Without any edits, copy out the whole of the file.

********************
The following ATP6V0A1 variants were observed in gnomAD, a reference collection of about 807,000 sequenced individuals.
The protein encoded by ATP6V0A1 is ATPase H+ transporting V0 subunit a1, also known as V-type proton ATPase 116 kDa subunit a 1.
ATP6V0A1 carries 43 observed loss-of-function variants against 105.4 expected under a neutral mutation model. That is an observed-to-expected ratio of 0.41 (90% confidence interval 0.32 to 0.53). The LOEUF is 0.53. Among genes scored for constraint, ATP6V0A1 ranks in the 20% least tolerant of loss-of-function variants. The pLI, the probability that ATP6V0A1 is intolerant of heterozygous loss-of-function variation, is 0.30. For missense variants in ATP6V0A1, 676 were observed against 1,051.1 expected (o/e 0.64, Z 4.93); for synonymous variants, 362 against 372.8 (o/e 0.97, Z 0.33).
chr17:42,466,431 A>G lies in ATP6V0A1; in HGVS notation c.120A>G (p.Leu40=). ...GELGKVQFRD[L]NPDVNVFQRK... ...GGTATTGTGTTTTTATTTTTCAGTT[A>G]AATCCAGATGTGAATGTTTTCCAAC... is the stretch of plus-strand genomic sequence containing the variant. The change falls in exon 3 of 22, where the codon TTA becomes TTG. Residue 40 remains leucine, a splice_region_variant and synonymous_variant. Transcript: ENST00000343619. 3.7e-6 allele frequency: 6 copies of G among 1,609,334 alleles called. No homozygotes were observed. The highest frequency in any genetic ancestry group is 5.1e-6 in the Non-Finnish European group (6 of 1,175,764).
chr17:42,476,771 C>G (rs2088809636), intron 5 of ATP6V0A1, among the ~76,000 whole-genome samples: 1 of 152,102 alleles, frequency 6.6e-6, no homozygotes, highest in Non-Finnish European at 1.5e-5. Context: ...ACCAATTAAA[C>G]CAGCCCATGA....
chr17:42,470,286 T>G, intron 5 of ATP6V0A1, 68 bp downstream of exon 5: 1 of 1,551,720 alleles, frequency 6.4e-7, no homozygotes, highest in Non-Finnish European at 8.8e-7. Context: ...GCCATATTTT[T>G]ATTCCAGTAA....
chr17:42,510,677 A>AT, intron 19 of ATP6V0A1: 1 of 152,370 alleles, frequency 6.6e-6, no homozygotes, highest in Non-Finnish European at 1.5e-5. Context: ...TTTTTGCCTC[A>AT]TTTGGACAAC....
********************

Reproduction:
The following ATP6V0A1 variants were observed in gnomAD, a reference collection of about 807,000 sequenced individuals.
The protein encoded by ATP6V0A1 is ATPase H+ transporting V0 subunit a1, also known as V-type proton ATPase 116 kDa subunit a 1.
ATP6V0A1 carries 43 observed loss-of-function variants against 105.4 expected under a neutral mutation model. That is an observed-to-expected ratio of 0.41 (90% confidence interval 0.32 to 0.53). The LOEUF is 0.53. Among genes scored for constraint, ATP6V0A1 ranks in the 20% least tolerant of loss-of-function variants. The pLI, the probability that ATP6V0A1 is intolerant of heterozygous loss-of-function variation, is 0.30. For missense variants in ATP6V0A1, 676 were observed against 1,051.1 expected (o/e 0.64, Z 4.93); for synonymous variants, 362 against 372.8 (o/e 0.97, Z 0.33).
chr17:42,466,431 A>G lies in ATP6V0A1; in HGVS notation c.120A>G (p.Leu40=). ...GELGKVQFRD[L]NPDVNVFQRK... ...GGTATTGTGTTTTTATTTTTCAGTT[A>G]AATCCAGATGTGAATGTTTTCCAAC... is the stretch of plus-strand genomic sequence containing the variant. The change falls in exon 3 of 22, where the codon TTA becomes TTG. Residue 40 remains leucine, a splice_region_variant and synonymous_variant. Transcript: ENST00000343619. 3.7e-6 allele frequency: 6 copies of G among 1,609,334 alleles called. No homozygotes were observed. The highest frequency in any genetic ancestry group is 5.1e-6 in the Non-Finnish European group (6 of 1,175,764).
chr17:42,476,771 C>G (rs2088809636), intron 5 of ATP6V0A1, among the ~76,000 whole-genome samples: 1 of 152,102 alleles, frequency 6.6e-6, no homozygotes, highest in Non-Finnish European at 1.5e-5. Context: ...ACCAATTAAA[C>G]CAGCCCATGA....
chr17:42,470,286 T>G, intron 5 of ATP6V0A1, 68 bp downstream of exon 5: 1 of 1,551,720 alleles, frequency 6.4e-7, no homozygotes, highest in Non-Finnish European at 8.8e-7. Context: ...GCCATATTTT[T>G]ATTCCAGTAA....
chr17:42,510,677 A>AT, intron 19 of ATP6V0A1: 1 of 152,370 alleles, frequency 6.6e-6, no homozygotes, highest in Non-Finnish European at 1.5e-5. Context: ...TTTTTGCCTC[A>AT]TTTGGACAAC....